Accounting for Love

Accounting for Love

Howard M. Armitage
2004 3M Teaching Fellow

 

nnovative educators share their love of their subject matter with their students. I have to confess, it was hard for me to write this line and harder for me to say it. It has to do with the word “love.” I am more at ease with the words excitement, joy, enthusiasm, zeal, fervour, dedication or, if pressed, even passion. But love is the right word. As I watch inspired colleagues in action, I can’t help being impressed by the love they have for their subject matter, and how important it is to be able to convey this sense of love to their students. Its importance is so strong that it clearly affects how they see and interact with their students.

I am no different. I’ve not said this out loud to many people other than my family but I love accounting. I really do. I love its mathematical elegance. I love conveying the implications of good and bad accounting to society, organizations and employees. I love watching TV shows or movies that feature accountants and I’ve even required some of my students to watch the original Japanese version of Shall We Dance so they could see the hell that this poor stereotypical company accountant went through to learn how to dance. I grieve when my students wallow at the debit/credit level and don’t get to see the sultry, sexy, rich, intoxicating world in which accounting operates. I am definitely not alone. Innovative educators compulsively share their “love” of their discipline with their students.

Some years ago, Stanford University President Donald Kennedy said, “It is time to reaffirm that education-that is, teaching in all its forms-is the primary task of higher education.”

Kennedy views teaching as an element of scholarship, where teaching both educates and entices future scholars. I strongly support this point of view. Excellence in teaching requires no less effort, and is no less important, than excellence in research. I believe that teaching is the highest form of understanding but that it is not adequately appreciated.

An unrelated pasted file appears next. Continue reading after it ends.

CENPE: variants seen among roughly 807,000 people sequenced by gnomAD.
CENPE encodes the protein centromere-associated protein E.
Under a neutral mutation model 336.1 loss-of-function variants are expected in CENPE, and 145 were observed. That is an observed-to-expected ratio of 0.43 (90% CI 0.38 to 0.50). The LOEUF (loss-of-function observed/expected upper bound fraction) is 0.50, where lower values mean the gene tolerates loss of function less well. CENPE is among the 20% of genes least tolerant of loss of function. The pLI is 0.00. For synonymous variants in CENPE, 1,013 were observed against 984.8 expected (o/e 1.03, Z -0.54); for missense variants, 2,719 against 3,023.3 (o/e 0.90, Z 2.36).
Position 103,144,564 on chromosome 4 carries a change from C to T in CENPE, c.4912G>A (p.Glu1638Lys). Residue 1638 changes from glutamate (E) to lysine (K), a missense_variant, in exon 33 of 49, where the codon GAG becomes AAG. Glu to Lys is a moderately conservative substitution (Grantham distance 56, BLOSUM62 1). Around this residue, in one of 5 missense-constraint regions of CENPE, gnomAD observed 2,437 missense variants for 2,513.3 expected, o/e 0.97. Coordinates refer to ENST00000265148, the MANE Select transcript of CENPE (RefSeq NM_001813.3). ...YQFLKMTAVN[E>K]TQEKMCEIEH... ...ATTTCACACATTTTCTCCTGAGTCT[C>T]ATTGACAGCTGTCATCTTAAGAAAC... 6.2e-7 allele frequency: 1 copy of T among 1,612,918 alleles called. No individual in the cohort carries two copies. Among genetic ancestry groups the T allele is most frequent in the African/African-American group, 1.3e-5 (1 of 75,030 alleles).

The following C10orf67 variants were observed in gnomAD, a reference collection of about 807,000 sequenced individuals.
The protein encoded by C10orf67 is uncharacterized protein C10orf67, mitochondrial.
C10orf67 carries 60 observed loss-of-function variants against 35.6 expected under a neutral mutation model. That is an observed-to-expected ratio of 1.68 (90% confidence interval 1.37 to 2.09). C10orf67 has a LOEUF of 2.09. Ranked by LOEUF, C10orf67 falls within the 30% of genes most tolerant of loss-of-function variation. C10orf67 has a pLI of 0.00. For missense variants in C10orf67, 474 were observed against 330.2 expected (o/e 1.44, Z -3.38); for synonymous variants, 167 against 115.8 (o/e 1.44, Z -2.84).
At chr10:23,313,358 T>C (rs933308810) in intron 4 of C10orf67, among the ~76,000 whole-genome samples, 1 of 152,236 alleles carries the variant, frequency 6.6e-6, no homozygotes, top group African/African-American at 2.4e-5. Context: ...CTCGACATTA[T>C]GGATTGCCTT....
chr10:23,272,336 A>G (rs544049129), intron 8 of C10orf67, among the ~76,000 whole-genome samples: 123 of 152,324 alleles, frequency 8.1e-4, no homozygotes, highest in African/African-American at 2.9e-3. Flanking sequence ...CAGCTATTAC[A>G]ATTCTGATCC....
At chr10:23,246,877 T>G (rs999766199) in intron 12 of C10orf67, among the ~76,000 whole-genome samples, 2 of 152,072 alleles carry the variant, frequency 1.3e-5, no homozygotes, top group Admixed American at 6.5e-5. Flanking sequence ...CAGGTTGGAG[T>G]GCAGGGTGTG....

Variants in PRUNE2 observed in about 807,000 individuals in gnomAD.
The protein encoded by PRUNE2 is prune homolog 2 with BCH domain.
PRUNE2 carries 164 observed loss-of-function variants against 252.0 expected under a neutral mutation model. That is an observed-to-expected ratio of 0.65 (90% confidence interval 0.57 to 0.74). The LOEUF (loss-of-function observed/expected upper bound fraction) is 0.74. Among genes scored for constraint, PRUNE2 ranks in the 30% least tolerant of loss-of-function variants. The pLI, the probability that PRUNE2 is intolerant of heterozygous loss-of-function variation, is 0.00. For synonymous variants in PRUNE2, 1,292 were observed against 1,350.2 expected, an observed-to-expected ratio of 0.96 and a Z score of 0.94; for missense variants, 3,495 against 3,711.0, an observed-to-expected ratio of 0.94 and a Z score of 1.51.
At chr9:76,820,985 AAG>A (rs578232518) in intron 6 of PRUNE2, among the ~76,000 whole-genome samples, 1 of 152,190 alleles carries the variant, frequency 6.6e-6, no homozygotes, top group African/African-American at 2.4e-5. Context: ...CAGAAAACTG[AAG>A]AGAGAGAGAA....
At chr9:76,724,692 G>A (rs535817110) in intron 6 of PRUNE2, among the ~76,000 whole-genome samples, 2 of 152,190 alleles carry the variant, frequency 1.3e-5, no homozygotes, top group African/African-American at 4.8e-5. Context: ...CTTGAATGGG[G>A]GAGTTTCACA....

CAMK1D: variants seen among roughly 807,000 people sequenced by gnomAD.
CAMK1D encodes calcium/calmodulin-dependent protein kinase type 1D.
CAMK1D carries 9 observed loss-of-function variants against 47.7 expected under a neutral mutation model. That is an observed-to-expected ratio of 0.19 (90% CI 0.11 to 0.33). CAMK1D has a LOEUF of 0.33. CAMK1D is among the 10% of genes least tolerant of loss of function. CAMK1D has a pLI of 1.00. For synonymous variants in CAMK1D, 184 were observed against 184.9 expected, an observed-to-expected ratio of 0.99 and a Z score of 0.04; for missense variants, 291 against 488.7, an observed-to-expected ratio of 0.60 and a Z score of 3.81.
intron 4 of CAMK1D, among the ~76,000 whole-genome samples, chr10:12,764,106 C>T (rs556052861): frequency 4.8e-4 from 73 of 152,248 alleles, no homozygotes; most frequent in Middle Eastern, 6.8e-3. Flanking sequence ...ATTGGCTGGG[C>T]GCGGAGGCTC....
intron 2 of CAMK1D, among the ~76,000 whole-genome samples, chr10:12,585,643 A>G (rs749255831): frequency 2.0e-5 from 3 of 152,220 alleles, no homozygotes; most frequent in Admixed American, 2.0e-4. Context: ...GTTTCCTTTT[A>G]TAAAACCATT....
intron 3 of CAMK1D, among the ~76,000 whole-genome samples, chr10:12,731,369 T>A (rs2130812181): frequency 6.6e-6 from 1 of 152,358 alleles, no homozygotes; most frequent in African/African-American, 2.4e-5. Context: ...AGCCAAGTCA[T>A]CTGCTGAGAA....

It’s time for a story.

The dinner guests were sitting around the table discussing life. One man, a CEO, decided to explain the problem with education. He argued, “What’s a kid going to learn from someone who decided his best option in life was to become a teacher?” He reminded the other dinner guests that it’s true what they say about teachers, “Those who can, do. Those who can’t, teach.” The guests all laughed.

To emphasize his point, he singled out one of the diners: “You’re a professor, Susan,” he said. “Be honest. What do you make?”

Susan, who had a reputation for frankness, replied,

“You want to know what I make?

I make students work harder than they ever thought they could. I can make kids sit through ninety minutes of class and completely absorb their attention.

I can make students want to learn and practise their discipline.

You want to know what I make?

I make students wonder.

I make them question.

I make them criticize.

I make them sensitive to different opinions.

I make them write.

I make them read.

I make them do.

I make them know I will review their work for grammar, logic and content.

I make them experience the joy of learning, appreciate the meaning of good performance and take pride in themselves and their accomplishments.

I make them understand that if you have the brains, then follow your heart … and if someone ever tries to judge you by what you make, you pay them no attention.

You want to know what I make?

I make a difference. What do you make?”